Nets: Spencer Dinwiddie Defends Choice to Put ‘Trillion’ on Back of Jersey

Brooklyn Nets star Spencer Dinwiddie has been criticized for his jersey alteration choice.

On Saturday it was reported the NBA would be allowing players to wear a social justice statement on the back of their jerseys in place of their last name. Given what the world is experiencing at the moment, coupled with the resistance from some players to continue on with the season, it’s no surprise why commissioner Adam Silver signed off on this.

For Spencer Dinwiddie, he’s not going with an obvious statement or movement on the back of his uniform. He revealed on Sunday night that he’ll be wearing the word “Trillion” for the remainder of the campaign, and we can’t say it was met with applause.

Well, good luck arguing with the man, because he’s no slouch.

Dinwiddie posted that around 10 p.m. ET on Sunday night and began responding to the criticism further on Monday afternoon after claiming the commentary was bothering him.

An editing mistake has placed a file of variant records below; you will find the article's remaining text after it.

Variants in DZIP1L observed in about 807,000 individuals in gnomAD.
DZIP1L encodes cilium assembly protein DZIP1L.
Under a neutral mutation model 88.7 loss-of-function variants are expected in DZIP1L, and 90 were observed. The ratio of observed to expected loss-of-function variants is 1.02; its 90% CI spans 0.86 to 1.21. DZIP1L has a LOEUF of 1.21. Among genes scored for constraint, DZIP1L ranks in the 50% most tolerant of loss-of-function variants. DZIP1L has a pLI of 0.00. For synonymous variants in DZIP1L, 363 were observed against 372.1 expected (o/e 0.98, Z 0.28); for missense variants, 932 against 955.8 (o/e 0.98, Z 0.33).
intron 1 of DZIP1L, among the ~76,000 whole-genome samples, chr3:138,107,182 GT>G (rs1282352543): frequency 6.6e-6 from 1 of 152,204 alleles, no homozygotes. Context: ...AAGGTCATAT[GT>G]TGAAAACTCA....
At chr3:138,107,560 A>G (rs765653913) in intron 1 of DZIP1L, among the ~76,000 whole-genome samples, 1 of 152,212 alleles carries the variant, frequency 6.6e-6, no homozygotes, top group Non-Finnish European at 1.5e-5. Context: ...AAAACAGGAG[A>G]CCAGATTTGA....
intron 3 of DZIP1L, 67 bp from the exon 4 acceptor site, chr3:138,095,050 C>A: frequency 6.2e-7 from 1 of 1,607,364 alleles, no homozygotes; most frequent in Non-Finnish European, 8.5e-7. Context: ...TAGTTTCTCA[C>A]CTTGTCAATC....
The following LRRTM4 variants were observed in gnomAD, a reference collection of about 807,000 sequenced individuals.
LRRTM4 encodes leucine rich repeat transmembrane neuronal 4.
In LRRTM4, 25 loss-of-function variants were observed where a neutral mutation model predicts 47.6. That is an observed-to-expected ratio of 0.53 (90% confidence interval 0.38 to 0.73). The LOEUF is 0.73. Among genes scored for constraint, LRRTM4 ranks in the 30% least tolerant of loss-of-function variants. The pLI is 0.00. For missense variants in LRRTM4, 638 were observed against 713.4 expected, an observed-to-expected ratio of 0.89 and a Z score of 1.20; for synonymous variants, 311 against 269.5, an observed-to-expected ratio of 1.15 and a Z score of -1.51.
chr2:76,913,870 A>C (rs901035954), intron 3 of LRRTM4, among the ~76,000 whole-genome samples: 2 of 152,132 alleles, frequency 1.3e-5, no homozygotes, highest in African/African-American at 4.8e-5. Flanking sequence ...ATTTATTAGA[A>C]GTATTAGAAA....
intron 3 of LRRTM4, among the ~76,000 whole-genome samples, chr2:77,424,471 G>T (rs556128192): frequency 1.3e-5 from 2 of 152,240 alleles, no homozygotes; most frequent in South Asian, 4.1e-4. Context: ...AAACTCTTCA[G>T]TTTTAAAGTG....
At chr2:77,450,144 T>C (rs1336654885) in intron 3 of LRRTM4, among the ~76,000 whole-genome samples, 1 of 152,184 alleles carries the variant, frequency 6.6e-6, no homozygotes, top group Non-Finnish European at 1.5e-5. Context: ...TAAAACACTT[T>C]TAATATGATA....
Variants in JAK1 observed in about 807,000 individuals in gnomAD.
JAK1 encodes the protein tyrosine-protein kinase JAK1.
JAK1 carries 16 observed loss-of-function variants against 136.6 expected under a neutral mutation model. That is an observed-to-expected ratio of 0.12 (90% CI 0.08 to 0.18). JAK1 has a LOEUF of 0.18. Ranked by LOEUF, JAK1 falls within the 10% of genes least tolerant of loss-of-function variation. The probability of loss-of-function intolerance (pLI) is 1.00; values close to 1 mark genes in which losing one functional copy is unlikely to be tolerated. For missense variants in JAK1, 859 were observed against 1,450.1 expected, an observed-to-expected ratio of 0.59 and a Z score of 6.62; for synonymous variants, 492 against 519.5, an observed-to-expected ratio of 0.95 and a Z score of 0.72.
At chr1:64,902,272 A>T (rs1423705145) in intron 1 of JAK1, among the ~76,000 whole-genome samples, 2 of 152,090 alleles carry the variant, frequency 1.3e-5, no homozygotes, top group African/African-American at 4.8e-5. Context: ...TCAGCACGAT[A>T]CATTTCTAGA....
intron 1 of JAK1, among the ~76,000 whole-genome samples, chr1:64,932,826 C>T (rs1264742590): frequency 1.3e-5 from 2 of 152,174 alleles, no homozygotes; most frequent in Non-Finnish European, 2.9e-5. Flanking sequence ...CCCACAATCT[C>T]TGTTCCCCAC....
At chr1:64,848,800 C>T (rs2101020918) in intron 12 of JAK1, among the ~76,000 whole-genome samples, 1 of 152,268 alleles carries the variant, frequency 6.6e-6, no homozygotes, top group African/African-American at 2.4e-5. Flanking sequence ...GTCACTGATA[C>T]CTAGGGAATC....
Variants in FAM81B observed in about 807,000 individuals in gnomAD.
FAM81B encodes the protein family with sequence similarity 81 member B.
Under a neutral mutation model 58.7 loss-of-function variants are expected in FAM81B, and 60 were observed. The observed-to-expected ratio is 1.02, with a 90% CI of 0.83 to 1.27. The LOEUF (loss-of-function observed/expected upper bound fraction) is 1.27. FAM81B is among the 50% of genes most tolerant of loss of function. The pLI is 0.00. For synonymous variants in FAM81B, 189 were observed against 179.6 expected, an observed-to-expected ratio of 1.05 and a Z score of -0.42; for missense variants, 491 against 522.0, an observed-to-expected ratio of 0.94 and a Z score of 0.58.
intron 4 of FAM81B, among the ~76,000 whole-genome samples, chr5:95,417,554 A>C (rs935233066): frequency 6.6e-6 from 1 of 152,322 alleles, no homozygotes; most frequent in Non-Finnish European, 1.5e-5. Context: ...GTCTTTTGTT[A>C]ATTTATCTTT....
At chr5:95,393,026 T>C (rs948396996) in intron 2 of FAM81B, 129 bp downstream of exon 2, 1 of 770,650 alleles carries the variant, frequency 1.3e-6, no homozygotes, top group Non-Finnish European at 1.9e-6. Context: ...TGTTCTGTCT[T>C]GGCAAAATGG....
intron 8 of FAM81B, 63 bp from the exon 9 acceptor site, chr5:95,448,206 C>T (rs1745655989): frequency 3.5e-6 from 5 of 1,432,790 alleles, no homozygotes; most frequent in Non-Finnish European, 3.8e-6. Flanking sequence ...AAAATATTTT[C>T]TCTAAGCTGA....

Dinwiddie left no stone unturned in his defense and exposed those who were criticizing him in a major way. Why should fans care what players are putting on the back of their jerseys and why do they need an explanation? Don’t worry folks, you will see plenty of “Black Lives Matter”; “George Floyd”; “Breonna Taylor”; and everything that pertains to social justice.

Why not have something in there that’s a bit different and speaks to a larger aspect of the problems we experience on a daily basis? Money. How we spend it. How the global economic system can work to oppress certain people. How we can use our dollars to better our lives and the lives of others. Understanding literally anything beyond the basic concept of cashing a paycheck.

We’re quite literally going through a debt crisis at the moment. Coronavirus has exposed that in a big way. Dinwiddie wanting to bring attention to something that plays a role in systemic racism is nothing to criticize — it’s yet another layer people need to understand and be educated on.

This thread includes 16 tweets that should be read in full. Dinwiddie explains his reasoning thoroughly. We recommend you give it a read.

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